Warning: Missing argument 2 for hdr_img(), called in /home/ssprod/public_html/includes/pages/story2.php on line 42 and defined in /home/ssprod/public_html/includes/functions/functions_story_memcache.php on line 1346
Black Crowes, Kasabian, Keane help kick off Austin City Limits Festival
The impending threat of Hurricane Rita didn't stop the fourth annual Austin City Limits Festival from successfully kicking off on the shores of Town Lake in downtown Austin, Texas.
Covering nearly half of the 351 acres of Zilker Park, this well-planned three-day musical celebration remains true to its namesake, the long-running PBS series 'Austin City Limits,' which marks 30 years on the air this season.
Like the television show, the festival showcases not only some of the most revered acts in modern-day music, but also several artists who are just now emerging onto the scene. As in years past, tens of thousands of fans (some 65,000 this year, to be exact) withstand sweltering heat, mini-dust storms, and traditional concert lines to witness this history in the making.
From the literally dozens of showcases playing out across the park on Friday, some highlights emerged from the pack:
Day One: Friday, September 23, 2005
A midday time slot in this heat-ridden city was an eye-opening experience for these four UK natives, but it didn't stop their ability to rock out wholeheartedly. Charismatic frontman Tom Meighan, looking like a cross between joker Johnny Knoxville and "Las Vegas" actor Josh Duhamel, belted the popular single "Cut Off," all the while jumping around stage as if on a trampoline. "Butcher Blues" and "Processed Beats," both from their self-titled debut album, epitomized the band's edgy, psychedelic pop sound, but with a performance more energetic and heavier than experienced on disc. Their dedicated performance despite the heat developed quite a crowd, with many passersby drawn in to watch.
When you see this tall, clean-cut cowboy walk onstage, it's instantly understandable why his initiation into country music occurred at the age of fifteen. He's got the look, and as soon as he opens his mouth to begin crooning, it's evident he's got the voice and writing ability to match. "I Take Your Love", a single from his 1999 release "A Stranger to Me Now" and a stereotypical country ballad brimming with lovey-dovey lyrics, is exactly why Warden's songwriting has won awards. Country legend George Strait took Warden's own "Desperately" to Top 10 status in early 2004, but that didn't keep Warden from playing the thoughtful song for his personal ACL audience. He finished with a toothy-white smile, "It feels nice to play a hit."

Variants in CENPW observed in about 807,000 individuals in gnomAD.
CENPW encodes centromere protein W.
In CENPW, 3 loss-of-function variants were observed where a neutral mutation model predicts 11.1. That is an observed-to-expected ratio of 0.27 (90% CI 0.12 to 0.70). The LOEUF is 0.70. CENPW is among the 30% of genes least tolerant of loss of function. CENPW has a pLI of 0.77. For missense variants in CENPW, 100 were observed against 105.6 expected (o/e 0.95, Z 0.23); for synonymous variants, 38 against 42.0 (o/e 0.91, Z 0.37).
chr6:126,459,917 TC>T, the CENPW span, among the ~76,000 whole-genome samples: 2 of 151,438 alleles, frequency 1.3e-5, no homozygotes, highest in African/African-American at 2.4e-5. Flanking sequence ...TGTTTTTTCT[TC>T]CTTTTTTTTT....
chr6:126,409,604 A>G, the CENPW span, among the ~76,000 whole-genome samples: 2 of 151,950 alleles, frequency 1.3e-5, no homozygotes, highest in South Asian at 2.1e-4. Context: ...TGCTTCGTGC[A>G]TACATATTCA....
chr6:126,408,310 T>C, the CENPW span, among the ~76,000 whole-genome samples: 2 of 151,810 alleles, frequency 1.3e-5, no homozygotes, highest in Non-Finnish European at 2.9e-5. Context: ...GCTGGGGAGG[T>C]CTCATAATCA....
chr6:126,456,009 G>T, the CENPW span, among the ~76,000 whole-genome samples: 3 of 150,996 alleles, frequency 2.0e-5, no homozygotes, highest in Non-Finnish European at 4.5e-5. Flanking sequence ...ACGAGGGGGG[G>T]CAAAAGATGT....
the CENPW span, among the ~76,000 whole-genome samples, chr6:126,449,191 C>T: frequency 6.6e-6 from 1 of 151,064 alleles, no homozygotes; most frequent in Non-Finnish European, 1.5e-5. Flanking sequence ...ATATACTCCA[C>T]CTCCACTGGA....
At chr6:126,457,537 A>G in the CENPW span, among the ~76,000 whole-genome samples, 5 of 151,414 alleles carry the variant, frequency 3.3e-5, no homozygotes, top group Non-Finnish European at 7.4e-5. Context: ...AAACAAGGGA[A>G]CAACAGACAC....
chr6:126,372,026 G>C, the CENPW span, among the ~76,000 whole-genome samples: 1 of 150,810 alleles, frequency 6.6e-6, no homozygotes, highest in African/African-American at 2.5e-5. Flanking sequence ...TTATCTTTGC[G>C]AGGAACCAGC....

This matrimonial and musical duo garnered quite a following on a lazy, sun-scorched afternoon. Their simple stage presence (a keyboard, drum kit and the two bodies) focused the crowd's attention on the complexity of the music rather than an explosive visual display. Kori Gardner's shrill vocals and aggressive keys matched the rhythmic drumming and complementary voice of her hubby, Jason Hammel, on the punchy "I Know, and I Said Forget It." Mocking their own marital issues in "Whiner's Bio" with the straight-forward acknowledgements of how they argue, the younger crowd seemed appreciative and thankful for the insight.
The hot Texas weather can be a challenge for an Englishman, so admitted a sweaty Tom Chaplin with a rosy-hued evening sky as his backdrop. Nevertheless, the threesome managed to please the bulging crowd with their lyrically-driven piano pop. Radio hits "Everybody's Changing," "This Is The Last Time," and "Somewhere Only We Know" riled up thousands and prompted sing-alongs throughout the crowd. Chaplin, one of the most humble artists witnessed all day, sincerely requested the audience listen and comment on new songs that might potentially make the next album. Listeners obliged with roars of approval for the emotionally-charged "Nothing In Your Way" and the slower "Try Again." With this kind of crowd reaction, Keane just might see another invitation to the ACL Festival.
Being a Texas festival, it only seems right to end the day with homage to Southern rock. Even the Lyle Lovett crowd clear across the field could pick up the thunderous tunes of the Black Crowes, led by brothers Chris and Rich Robinson. Strong, soulful vocals and rock-solid guitar kept the packed-tight audience invigorated right through the last leg of this marathon day. The band cruised with extended jams for a few songs, including "Soul Singing," before picking it back up again. When the familiar opening notes of "Hard to Handle" hit the crowd, even the weary got back up to dance. The Black Crowes performed crowd favorites "Jealous Again" and "Remedy" to close this first night.